Tree danger was focus of fire brief

Peter Cobb, centre, travelled from Marysville to help the firefight at Harrietville last year. He gave evidence at the coroner’s inquest yesterday.

Peter Cobb, centre, travelled from Marysville to help the firefight at Harrietville last year. He gave evidence at the coroner’s inquest yesterday.

Coroner John Olle

Coroner John Olle

Graeme Dudley

Graeme Dudley

AN alert about the danger of hazardous trees was one of the key points at the morning briefing on the day two firefighters died at Harrietville last year.

Katie Peters and Steven Kadar died on February 13 when a 30-metre tree fell on their ute, known as a slip-on.

They had been told to evacuate the fireground minutes before the accident after a wind change and conditions made it too dangerous.

Peter Cobb, an assistant operations officer at the blaze on February 13, said he recalled the two key points of the morning briefing were a forecast for storms and the need to be aware of hazards from trees.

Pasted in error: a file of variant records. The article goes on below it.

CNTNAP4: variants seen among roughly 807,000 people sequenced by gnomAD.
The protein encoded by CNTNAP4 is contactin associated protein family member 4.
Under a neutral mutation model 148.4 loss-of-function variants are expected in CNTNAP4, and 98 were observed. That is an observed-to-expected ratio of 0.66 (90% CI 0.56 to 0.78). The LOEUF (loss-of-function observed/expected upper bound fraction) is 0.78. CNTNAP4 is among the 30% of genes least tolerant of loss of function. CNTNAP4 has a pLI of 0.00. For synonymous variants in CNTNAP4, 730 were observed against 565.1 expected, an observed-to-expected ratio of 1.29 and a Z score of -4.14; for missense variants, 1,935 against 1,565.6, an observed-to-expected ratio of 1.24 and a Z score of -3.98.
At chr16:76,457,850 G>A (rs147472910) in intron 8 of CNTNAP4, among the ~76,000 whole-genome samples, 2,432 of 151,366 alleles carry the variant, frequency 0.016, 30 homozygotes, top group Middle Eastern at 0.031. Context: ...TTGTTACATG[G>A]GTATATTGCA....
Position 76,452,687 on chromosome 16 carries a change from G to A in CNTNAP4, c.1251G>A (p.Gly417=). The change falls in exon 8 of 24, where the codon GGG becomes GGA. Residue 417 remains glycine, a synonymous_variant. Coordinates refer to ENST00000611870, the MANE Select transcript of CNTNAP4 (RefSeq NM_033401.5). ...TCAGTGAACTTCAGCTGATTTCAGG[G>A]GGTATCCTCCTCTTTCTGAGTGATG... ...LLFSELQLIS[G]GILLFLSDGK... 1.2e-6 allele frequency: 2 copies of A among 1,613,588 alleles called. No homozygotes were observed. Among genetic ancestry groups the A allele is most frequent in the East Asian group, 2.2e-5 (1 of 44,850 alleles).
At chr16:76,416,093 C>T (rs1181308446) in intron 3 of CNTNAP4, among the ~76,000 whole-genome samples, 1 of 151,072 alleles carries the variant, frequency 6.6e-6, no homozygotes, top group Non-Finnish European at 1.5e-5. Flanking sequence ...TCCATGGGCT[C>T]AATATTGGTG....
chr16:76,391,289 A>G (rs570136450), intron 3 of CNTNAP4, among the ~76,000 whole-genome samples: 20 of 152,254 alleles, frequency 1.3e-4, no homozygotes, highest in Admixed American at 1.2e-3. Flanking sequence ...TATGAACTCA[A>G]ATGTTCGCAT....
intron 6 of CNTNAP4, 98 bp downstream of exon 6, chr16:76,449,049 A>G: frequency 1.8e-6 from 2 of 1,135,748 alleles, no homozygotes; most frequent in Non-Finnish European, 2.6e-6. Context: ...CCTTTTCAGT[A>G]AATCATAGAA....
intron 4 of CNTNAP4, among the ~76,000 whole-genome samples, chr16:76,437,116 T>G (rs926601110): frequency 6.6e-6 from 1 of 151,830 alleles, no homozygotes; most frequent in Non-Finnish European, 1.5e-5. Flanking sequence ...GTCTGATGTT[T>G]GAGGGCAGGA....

Mr Cobb recalled he had reinforced the message about dangerous trees at the briefing.

Barrister John Kelly, representing the Kadar family and the Australian Workers Union, suggested to Mr Cobb: “it’s a bit like sending people to work in a minefield and telling them to be careful of mines”.

Mr Cobb admitted to coroner John Olle there was a struggle in juggling the first priority of firefighter safety with the need to contain a fire.

“There is a conflict there we are looking to manage,” he said.

The Department of Sustainability and Environment’s safety manager Graeme Dudley told the inquest he could not recall being made aware of an incident on January 28, when a tree fell within 30 centimetres of a Mitta crew member.

An incident card, known as a salmon card, had been filled out on the day and handed up the chain on command.

“You don’t even know that a salmon card was issued?” Mr Kelly asked Mr Dudley.

“I don’t recall it,” he said.

“We have thousands of incidents and near misses across the organisation every year.”

He said the department was aware of the dangers of hazardous trees and was working to eliminate the risks.

As part of a $40 million program, the department is trialling purpose-built firefighting vehicles fitted with falling object protection and GPS tracking.

“We are continually working on this issue right across the organisation,” he said.

“Our next problem is people over-relying on them as a means of protection.”

Mr Dudley said the falling object protection on vehicles would not negate the impact of a 20 or 30-tonne tree but would offer protection from smaller trees.

“We haven’t been able to eliminate that risk,” he said.

“We can’t go out there in leopard tanks and drive around.”

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